Two injured army veterans from Yorkshire recently spent a week at the US 2015 Warrior Games – an adaptive sports competition for wounded, ill, and injured service members and veterans, organised by the Department of Defence and, this year, held in Virginia.
As part of the 40-strong British Armed Forces Team, which is supported by Help for Heroes, David ‘H’ Hubber, from Ripon, and Rob Cromey-Hawke from Cowling, near Skipton, took part in several of the eight sports included across 10 days of competition in June. And, before the tournament was even halfway through, both Yorkshire men had been awarded medals: Rob, a gold in the recumbent 20km race and David a bronze in the team recurve archery.
Rob was a Captain with the Royal Engineers when his vehicle drove over an Improvised Explosive Device in Afghanistan in 2012. As well as damage to his back, he also suffered hearing loss and a brain injury, causing memory and concentration problems, as well as balance issues.
Pre-injury, Rob was a keen triathlete but, afterwards, was convinced he wouldn’t be able to take part in competitive sports again. Help for Heroes funding of a high-performance recumbent trike and a racing wheelchair changed that and Rob credits the Charity’s Supported Activities team at Phoenix House Recovery Centre in Catterick Garrison with showing him how to push himself to his best ability.
“Participation in adaptive sport has had a profound and lasting effect on my outlook on life beyond injury, establishing my next career and continuing to partake in competitive sport where possible,” he said.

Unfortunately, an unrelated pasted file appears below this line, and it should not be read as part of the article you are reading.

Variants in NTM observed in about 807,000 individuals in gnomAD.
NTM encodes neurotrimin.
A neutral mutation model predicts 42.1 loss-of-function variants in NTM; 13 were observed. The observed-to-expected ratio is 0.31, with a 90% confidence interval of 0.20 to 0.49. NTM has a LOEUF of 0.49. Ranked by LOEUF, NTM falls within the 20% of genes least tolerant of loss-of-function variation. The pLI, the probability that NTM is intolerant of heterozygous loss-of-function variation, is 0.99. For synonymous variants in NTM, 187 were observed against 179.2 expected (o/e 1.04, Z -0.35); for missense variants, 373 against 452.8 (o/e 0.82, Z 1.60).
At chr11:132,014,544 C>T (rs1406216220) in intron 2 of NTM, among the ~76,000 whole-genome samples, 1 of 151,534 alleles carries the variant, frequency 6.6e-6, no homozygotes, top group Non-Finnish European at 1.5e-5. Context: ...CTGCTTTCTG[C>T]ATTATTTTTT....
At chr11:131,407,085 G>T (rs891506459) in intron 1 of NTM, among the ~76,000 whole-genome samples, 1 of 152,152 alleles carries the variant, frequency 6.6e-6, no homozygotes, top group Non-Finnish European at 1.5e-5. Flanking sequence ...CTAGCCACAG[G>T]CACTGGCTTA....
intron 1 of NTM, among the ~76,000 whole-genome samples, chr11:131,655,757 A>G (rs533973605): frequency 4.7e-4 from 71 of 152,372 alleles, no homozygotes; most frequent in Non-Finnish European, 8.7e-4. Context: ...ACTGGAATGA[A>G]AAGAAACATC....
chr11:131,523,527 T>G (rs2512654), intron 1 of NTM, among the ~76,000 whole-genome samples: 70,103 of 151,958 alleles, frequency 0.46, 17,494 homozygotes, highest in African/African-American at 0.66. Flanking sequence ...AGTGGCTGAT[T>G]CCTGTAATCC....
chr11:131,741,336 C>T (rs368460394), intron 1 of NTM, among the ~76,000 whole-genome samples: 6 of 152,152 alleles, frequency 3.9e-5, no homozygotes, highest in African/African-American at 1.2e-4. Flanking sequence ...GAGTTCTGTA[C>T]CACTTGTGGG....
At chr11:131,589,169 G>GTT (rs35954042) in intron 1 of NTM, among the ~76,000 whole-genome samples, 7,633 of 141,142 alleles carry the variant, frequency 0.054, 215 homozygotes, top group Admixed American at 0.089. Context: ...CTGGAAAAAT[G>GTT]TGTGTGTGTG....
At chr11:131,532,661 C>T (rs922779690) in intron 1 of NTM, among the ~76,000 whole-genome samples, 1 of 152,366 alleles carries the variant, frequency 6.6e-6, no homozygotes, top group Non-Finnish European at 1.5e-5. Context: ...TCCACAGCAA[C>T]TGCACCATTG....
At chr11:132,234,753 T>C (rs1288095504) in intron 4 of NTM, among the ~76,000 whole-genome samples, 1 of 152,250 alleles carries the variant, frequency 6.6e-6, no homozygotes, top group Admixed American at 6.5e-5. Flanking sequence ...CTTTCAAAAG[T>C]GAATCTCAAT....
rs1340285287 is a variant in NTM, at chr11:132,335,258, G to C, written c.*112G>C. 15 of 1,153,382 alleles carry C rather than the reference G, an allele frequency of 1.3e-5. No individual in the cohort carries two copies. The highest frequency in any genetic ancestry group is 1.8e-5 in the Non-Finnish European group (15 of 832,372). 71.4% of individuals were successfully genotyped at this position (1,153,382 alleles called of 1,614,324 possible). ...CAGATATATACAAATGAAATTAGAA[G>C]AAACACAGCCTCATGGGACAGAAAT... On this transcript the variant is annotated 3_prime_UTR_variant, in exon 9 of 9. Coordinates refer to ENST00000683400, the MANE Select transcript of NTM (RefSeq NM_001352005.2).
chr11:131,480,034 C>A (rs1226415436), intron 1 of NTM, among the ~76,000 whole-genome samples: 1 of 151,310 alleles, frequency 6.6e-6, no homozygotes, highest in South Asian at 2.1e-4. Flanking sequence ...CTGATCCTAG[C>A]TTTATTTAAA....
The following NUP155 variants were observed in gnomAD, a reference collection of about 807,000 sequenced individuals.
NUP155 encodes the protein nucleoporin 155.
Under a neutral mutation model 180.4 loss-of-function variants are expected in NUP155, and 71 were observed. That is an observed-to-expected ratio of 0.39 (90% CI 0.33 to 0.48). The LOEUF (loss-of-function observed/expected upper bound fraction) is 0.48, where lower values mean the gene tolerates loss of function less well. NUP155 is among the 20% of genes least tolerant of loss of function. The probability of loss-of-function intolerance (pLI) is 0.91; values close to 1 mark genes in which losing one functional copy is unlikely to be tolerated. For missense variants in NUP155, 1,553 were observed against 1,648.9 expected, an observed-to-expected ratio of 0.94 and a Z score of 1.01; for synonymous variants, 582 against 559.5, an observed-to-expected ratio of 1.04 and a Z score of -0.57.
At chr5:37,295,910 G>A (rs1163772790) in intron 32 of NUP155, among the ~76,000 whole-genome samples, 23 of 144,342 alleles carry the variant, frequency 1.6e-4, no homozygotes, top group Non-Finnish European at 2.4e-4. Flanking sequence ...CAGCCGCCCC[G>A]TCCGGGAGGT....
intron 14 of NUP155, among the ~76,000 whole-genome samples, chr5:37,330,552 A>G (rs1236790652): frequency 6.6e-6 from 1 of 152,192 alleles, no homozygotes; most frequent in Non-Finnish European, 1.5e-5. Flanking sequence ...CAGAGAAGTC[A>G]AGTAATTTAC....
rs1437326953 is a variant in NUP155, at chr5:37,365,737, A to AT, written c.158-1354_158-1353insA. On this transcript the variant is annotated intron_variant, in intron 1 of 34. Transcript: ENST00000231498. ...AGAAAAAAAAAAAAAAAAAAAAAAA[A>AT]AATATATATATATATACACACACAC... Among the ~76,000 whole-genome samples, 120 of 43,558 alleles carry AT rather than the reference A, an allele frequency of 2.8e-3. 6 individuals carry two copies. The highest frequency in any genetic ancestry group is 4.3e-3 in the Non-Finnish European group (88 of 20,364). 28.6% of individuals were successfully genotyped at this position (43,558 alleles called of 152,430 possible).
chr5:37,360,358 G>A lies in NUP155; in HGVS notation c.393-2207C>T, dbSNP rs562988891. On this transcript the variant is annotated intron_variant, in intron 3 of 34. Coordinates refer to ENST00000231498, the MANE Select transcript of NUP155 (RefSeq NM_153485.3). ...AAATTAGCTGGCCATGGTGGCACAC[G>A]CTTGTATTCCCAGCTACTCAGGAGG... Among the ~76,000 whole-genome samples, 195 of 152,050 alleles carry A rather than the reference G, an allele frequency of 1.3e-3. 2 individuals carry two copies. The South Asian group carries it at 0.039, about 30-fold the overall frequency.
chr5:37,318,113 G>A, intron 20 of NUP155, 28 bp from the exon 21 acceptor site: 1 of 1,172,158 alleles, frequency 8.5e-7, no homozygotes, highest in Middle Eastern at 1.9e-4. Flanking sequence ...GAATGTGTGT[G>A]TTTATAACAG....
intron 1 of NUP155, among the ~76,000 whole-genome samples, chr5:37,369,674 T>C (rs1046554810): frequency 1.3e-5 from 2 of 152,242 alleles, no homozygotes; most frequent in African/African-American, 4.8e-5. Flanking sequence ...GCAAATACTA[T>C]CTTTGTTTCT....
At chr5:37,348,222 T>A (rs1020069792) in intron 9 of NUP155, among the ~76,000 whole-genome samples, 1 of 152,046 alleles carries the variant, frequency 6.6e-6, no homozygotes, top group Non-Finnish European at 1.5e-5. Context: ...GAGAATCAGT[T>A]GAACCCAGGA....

David was injured in 2001 while playing ice hockey for the Army in Canada. His resulting spinal condition deteriorated until, after ten years, he could no longer carry out his role within the Royal Logistic Corps.
Help for Heroes bought the 43-year-old his first wheelchair which gave him some independence and, when he found archery an ideal sport to pursue thanks to his upper body strength, it also funded a new bow, enabling him to compete at a higher level.
Vigorous training in the sport – he is a member of the Thirsk Bowmen archery club and attendee of Harrogate’s St. George’s Archers – has been a key element in helping David adapt to his injuries and he won individual and team gold medals at last September’s inaugural Invictus Games in London – an international sporting event for wounded, injured and sick serving personnel and veterans inspired by Prince Harry after he was a spectator at the 2013 Warrior Games.
Said David: “The Invictus Games was a stepping-stone in my journey through injury and recovery but I’ve a long way to go.” His motto is ‘Determination and perseverance through adversity’.
Wounded, injured or sick military personnel or veterans in need of support from Help for Heroes can visit www.helpforheroes.org.uk/get-support